While uncertainties remain for 2021, the Cyprus property market will continue to show its strength. With at least two viable vaccines, low mortgage rates, tight supply and supportive government initiatives; the housing market will remain stable in 2021.
Property sales in 2020 fell by 23% compared to 2019; while almost all of last year experienced lockdowns, semi-lockdowns, travelling restrictions and huge uncertainty. Despite this environment, sales in 2020 were above 2016 by nearly 13% while declining just 9% from 2017.
In contrast with the widespread belief that the market and rental values would collapse in 2020, prices have instead held quite well (RICS Cyprus & Central Bank of Cyprus Residential Indices). At a European level, according to Eurostat, in the second quarter of 2020 house prices rose by 5% in the eurozone (and 5.2% in the EU ) compared to Q2 2019.
Assuming we manage the current infections well, and on the back of historically low interest rates, the abolishment of travel restrictions and government stimulus packages, it is looking more and likely that demand will keep being strong. It is worth highlighting the propensity of households to save has reached unprecedented levels in response to COVID-19. According to Eurostat, in 2020 the household saving rate in the euro area was the highest observed since the beginning of the time series in 1999. That is explained by a sharp decrease in household consumption.
Real estate supply in 2020 is lower compared to 2019. The uncertainty associated with the pandemic has stalled new construction while property-owners pulled back considerably as they anticipate a more favourable sale price if they waited. This limitation of the supply is more likely to continue in 2021. This combination of relatively strong demand and low supply will keep the Cyprus real estate market at least stable in 2021.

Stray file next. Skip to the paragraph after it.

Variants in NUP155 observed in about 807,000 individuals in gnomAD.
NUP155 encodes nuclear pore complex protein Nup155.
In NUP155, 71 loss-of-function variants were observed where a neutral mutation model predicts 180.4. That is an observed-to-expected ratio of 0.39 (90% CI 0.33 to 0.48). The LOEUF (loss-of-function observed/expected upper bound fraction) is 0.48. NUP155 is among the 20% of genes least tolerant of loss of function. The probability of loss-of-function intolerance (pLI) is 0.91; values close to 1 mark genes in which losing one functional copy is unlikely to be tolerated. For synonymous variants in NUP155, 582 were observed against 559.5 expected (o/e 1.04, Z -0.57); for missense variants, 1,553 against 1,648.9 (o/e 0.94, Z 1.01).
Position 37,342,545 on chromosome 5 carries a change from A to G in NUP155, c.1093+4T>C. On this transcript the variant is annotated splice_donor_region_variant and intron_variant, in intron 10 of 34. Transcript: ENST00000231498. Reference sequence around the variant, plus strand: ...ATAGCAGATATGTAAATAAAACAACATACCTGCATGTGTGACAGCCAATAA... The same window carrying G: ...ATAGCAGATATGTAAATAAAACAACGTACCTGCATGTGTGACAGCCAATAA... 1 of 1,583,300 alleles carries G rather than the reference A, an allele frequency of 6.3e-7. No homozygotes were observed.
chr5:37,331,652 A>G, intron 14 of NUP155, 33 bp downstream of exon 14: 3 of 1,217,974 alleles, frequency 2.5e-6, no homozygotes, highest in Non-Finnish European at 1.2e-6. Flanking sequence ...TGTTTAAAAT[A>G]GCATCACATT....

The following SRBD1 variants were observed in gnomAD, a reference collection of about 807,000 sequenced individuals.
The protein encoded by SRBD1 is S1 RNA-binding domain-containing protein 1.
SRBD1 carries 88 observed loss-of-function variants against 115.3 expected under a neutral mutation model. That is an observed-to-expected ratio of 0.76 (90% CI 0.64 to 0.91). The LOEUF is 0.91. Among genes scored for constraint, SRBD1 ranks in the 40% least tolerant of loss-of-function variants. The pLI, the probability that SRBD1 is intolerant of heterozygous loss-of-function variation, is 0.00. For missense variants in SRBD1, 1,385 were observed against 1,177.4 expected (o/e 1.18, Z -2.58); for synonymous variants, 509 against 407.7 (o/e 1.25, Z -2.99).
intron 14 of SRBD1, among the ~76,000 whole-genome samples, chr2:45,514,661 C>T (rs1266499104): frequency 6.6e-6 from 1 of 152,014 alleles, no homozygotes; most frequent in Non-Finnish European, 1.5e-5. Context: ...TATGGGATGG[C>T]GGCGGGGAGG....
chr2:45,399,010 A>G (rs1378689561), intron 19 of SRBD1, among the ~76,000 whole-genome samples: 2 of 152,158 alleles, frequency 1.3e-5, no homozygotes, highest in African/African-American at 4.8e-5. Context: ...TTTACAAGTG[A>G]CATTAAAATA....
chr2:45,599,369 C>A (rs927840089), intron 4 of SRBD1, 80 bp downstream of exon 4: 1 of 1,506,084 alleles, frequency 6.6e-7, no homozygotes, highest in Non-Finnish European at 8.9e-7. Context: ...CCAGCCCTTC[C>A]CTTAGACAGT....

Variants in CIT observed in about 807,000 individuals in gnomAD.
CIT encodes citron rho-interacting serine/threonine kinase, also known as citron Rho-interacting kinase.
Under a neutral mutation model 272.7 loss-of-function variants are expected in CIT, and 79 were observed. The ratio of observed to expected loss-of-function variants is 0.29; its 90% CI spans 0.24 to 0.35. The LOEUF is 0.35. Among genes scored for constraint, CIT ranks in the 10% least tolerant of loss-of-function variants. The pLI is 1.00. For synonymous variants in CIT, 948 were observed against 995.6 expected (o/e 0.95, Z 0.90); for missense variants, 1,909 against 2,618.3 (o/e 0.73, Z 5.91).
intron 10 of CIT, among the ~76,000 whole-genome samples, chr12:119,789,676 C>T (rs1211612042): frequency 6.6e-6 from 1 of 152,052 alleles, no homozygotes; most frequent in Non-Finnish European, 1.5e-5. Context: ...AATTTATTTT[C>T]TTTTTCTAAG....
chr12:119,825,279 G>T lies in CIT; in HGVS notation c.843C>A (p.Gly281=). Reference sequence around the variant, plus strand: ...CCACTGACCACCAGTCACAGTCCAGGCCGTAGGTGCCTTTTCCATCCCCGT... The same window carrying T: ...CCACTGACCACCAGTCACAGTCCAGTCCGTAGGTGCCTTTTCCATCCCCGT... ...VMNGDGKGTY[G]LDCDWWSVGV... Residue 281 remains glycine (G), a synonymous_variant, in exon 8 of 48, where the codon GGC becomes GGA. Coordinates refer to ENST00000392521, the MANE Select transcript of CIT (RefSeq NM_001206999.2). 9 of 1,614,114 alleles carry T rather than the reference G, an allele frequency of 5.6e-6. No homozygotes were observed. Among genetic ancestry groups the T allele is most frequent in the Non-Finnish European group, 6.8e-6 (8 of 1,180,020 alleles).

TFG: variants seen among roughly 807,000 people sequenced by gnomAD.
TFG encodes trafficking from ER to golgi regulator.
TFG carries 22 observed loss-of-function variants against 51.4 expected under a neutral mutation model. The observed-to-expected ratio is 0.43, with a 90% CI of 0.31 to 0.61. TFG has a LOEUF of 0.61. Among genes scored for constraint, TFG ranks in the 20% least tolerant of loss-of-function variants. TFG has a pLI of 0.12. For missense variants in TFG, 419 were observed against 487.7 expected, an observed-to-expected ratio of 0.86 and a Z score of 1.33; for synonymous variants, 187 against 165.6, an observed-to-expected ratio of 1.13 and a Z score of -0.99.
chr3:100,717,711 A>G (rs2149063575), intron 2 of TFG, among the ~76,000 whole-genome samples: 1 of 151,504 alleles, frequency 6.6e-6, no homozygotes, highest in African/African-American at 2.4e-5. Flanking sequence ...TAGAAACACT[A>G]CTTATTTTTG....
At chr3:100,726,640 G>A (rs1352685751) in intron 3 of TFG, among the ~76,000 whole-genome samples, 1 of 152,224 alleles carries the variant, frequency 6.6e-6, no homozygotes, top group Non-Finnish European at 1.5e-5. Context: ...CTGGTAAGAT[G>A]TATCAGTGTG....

However, there are some key things to watch that could potentially be signs of trouble. If unemployment stays elevated, interest rates unexpectedly increase and further economic stimulus is slow to come, it could hurt demand for property as well. And if COVID-19 vaccinations are unexpectedly delayed or become problematic, it will be devastating to the anticipated normalization of 2021. With so much uncertainty affecting employment and business, many have speculated whether we will be hit with a property market crash this year.
To quell any concerns, the real estate market in 2021 will look a lot more normal than in 2020 and any recession is highly unlikely to happen this year.
While we are facing another spike in COVID-19 cases, the most negative impact we are likely to see is a short-term decline during the first quarter of 2021 in the number of sales and values; before reentering a period of steady recovery through the remainder of the year.